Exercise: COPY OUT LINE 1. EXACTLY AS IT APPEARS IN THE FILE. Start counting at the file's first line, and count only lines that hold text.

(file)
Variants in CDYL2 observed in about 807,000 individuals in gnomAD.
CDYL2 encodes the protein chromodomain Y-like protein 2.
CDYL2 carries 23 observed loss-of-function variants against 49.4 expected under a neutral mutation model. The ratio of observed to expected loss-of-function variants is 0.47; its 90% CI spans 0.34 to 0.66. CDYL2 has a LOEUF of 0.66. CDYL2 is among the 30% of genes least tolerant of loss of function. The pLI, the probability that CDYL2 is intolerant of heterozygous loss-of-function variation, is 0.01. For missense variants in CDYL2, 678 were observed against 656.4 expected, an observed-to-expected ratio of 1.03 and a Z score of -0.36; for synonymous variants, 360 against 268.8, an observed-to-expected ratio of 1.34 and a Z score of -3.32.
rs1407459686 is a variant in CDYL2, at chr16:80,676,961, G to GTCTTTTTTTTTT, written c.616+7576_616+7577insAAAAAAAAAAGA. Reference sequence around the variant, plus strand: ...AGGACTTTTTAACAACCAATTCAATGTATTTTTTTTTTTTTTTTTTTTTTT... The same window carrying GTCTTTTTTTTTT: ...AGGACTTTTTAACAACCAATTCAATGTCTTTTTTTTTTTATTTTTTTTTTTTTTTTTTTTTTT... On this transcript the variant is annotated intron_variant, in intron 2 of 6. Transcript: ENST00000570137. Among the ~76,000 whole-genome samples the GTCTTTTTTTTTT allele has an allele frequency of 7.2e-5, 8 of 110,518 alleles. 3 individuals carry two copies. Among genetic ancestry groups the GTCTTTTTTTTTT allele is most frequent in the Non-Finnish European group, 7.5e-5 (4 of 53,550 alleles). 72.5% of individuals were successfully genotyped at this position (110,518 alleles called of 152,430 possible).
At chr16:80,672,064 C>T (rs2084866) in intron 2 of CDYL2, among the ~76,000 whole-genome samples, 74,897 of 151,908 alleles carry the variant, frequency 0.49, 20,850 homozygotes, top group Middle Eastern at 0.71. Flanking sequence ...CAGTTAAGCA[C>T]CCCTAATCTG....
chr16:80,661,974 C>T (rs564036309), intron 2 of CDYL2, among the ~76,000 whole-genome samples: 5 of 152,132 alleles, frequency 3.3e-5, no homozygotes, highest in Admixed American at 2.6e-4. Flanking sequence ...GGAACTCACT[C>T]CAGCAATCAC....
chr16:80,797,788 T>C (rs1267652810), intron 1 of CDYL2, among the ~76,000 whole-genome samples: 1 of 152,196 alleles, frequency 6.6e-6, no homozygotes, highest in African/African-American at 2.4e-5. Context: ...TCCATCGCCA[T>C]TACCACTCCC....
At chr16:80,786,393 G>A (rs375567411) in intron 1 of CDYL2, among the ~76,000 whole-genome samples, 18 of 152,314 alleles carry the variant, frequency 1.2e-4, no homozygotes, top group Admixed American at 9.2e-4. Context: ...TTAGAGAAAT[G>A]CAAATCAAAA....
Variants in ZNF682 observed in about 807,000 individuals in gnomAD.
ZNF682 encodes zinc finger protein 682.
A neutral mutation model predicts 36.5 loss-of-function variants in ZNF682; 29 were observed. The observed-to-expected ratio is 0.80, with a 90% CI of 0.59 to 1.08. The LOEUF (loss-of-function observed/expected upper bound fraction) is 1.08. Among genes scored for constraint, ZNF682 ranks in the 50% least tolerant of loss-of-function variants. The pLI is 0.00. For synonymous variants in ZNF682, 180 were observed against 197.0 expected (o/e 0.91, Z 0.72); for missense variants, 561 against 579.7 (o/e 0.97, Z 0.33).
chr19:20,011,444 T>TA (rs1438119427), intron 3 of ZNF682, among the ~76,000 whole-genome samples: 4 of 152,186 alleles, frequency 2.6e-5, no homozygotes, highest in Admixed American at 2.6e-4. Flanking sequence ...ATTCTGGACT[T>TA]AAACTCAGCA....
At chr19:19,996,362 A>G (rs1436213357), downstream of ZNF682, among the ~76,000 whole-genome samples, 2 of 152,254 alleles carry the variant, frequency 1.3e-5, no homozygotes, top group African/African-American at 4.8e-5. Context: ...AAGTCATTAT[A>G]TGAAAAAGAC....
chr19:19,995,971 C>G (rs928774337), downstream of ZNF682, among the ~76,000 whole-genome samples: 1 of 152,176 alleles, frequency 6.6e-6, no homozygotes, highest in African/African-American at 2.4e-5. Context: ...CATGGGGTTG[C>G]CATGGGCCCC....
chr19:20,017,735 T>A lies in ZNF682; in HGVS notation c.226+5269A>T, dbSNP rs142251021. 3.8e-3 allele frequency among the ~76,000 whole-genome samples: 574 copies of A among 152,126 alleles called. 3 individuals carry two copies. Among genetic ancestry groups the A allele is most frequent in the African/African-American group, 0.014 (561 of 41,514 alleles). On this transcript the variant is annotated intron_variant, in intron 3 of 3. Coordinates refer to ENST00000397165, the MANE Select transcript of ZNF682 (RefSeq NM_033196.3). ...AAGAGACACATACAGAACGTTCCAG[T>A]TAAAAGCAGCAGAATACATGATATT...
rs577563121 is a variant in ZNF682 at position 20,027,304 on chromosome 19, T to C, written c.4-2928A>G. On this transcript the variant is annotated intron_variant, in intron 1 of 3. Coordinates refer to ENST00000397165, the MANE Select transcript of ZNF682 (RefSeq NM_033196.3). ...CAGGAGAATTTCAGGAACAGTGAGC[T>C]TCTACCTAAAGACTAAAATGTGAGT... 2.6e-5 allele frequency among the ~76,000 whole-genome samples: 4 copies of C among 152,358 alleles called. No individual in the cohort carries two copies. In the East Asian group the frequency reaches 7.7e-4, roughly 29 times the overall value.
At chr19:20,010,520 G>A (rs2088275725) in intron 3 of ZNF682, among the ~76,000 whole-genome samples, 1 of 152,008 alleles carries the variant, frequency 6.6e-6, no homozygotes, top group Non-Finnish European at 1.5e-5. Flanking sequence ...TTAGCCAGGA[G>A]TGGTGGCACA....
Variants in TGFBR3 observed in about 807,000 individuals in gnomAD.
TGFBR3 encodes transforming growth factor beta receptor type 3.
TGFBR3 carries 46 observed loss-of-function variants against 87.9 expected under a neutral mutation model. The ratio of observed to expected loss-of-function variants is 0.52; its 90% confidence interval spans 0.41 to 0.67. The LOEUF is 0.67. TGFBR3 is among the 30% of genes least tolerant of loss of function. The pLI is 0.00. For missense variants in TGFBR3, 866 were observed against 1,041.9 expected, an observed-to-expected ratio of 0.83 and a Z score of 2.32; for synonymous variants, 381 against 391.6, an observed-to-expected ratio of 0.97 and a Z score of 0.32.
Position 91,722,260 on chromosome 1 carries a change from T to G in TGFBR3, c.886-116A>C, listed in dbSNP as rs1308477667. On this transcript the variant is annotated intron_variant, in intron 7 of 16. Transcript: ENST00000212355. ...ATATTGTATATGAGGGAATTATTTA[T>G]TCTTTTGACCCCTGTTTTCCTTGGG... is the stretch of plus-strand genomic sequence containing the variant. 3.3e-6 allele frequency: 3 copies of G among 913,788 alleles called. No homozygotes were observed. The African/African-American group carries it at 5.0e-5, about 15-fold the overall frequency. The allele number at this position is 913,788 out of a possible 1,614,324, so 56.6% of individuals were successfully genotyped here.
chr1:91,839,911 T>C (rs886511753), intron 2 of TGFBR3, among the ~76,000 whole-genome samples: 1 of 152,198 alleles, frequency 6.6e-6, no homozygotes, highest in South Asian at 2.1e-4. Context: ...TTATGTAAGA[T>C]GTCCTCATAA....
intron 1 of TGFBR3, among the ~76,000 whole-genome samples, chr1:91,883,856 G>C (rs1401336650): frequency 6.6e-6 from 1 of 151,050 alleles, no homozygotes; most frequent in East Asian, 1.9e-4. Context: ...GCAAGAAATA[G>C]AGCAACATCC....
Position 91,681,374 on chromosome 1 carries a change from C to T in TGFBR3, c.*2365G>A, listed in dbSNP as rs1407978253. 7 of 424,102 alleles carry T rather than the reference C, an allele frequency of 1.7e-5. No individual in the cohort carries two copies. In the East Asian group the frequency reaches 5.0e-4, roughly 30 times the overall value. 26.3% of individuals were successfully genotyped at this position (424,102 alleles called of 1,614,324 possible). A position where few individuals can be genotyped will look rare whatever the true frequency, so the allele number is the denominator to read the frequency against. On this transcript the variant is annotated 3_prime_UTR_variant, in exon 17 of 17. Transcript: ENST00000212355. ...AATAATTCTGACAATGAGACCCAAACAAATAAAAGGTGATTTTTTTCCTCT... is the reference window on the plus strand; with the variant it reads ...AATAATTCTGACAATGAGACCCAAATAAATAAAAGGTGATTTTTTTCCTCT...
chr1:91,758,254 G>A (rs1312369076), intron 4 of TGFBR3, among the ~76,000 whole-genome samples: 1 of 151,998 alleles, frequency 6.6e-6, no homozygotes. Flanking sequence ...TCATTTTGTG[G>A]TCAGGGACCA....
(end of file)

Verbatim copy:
Variants in CDYL2 observed in about 807,000 individuals in gnomAD.